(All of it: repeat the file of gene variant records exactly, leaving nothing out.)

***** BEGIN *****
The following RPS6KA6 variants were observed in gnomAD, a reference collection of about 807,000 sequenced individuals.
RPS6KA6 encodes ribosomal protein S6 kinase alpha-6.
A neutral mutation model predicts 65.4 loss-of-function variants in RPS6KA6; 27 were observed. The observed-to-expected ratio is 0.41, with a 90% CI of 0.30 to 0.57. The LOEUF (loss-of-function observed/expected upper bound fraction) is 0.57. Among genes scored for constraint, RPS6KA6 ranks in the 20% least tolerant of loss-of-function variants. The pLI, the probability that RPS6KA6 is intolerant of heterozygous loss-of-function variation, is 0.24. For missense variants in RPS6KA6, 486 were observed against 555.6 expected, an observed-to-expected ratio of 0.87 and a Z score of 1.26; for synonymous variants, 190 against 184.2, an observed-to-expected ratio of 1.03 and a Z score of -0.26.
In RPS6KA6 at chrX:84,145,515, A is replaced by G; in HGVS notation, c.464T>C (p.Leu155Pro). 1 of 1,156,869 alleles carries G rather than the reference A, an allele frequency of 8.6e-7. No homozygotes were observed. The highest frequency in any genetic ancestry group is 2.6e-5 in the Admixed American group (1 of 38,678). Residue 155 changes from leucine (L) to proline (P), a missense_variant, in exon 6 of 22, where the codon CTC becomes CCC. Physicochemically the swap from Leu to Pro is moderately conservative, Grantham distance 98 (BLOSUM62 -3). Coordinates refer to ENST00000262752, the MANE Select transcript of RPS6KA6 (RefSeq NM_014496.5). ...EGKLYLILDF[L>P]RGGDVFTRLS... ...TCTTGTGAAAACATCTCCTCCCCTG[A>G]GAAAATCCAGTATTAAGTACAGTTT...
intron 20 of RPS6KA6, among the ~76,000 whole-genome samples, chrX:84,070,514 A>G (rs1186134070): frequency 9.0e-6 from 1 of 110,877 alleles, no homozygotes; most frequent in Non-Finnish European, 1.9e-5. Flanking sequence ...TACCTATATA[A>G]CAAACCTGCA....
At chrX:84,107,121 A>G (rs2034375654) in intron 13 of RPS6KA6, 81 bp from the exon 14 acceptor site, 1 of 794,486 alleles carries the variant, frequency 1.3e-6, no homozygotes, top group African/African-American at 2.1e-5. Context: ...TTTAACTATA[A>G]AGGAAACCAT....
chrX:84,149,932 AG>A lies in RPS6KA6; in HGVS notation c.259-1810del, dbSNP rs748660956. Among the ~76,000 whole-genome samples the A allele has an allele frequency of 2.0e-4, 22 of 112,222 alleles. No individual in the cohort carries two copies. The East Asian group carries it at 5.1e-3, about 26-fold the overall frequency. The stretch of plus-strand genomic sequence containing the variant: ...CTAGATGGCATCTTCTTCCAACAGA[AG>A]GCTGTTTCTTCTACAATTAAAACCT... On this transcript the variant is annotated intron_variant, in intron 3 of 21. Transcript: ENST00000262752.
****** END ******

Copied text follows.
The following RPS6KA6 variants were observed in gnomAD, a reference collection of about 807,000 sequenced individuals.
RPS6KA6 encodes ribosomal protein S6 kinase alpha-6.
A neutral mutation model predicts 65.4 loss-of-function variants in RPS6KA6; 27 were observed. The observed-to-expected ratio is 0.41, with a 90% CI of 0.30 to 0.57. The LOEUF (loss-of-function observed/expected upper bound fraction) is 0.57. Among genes scored for constraint, RPS6KA6 ranks in the 20% least tolerant of loss-of-function variants. The pLI, the probability that RPS6KA6 is intolerant of heterozygous loss-of-function variation, is 0.24. For missense variants in RPS6KA6, 486 were observed against 555.6 expected, an observed-to-expected ratio of 0.87 and a Z score of 1.26; for synonymous variants, 190 against 184.2, an observed-to-expected ratio of 1.03 and a Z score of -0.26.
In RPS6KA6 at chrX:84,145,515, A is replaced by G; in HGVS notation, c.464T>C (p.Leu155Pro). 1 of 1,156,869 alleles carries G rather than the reference A, an allele frequency of 8.6e-7. No homozygotes were observed. The highest frequency in any genetic ancestry group is 2.6e-5 in the Admixed American group (1 of 38,678). Residue 155 changes from leucine (L) to proline (P), a missense_variant, in exon 6 of 22, where the codon CTC becomes CCC. Physicochemically the swap from Leu to Pro is moderately conservative, Grantham distance 98 (BLOSUM62 -3). Coordinates refer to ENST00000262752, the MANE Select transcript of RPS6KA6 (RefSeq NM_014496.5). ...EGKLYLILDF[L>P]RGGDVFTRLS... ...TCTTGTGAAAACATCTCCTCCCCTG[A>G]GAAAATCCAGTATTAAGTACAGTTT...
intron 20 of RPS6KA6, among the ~76,000 whole-genome samples, chrX:84,070,514 A>G (rs1186134070): frequency 9.0e-6 from 1 of 110,877 alleles, no homozygotes; most frequent in Non-Finnish European, 1.9e-5. Flanking sequence ...TACCTATATA[A>G]CAAACCTGCA....
At chrX:84,107,121 A>G (rs2034375654) in intron 13 of RPS6KA6, 81 bp from the exon 14 acceptor site, 1 of 794,486 alleles carries the variant, frequency 1.3e-6, no homozygotes, top group African/African-American at 2.1e-5. Context: ...TTTAACTATA[A>G]AGGAAACCAT....
chrX:84,149,932 AG>A lies in RPS6KA6; in HGVS notation c.259-1810del, dbSNP rs748660956. Among the ~76,000 whole-genome samples the A allele has an allele frequency of 2.0e-4, 22 of 112,222 alleles. No individual in the cohort carries two copies. The East Asian group carries it at 5.1e-3, about 26-fold the overall frequency. The stretch of plus-strand genomic sequence containing the variant: ...CTAGATGGCATCTTCTTCCAACAGA[AG>A]GCTGTTTCTTCTACAATTAAAACCT... On this transcript the variant is annotated intron_variant, in intron 3 of 21. Transcript: ENST00000262752.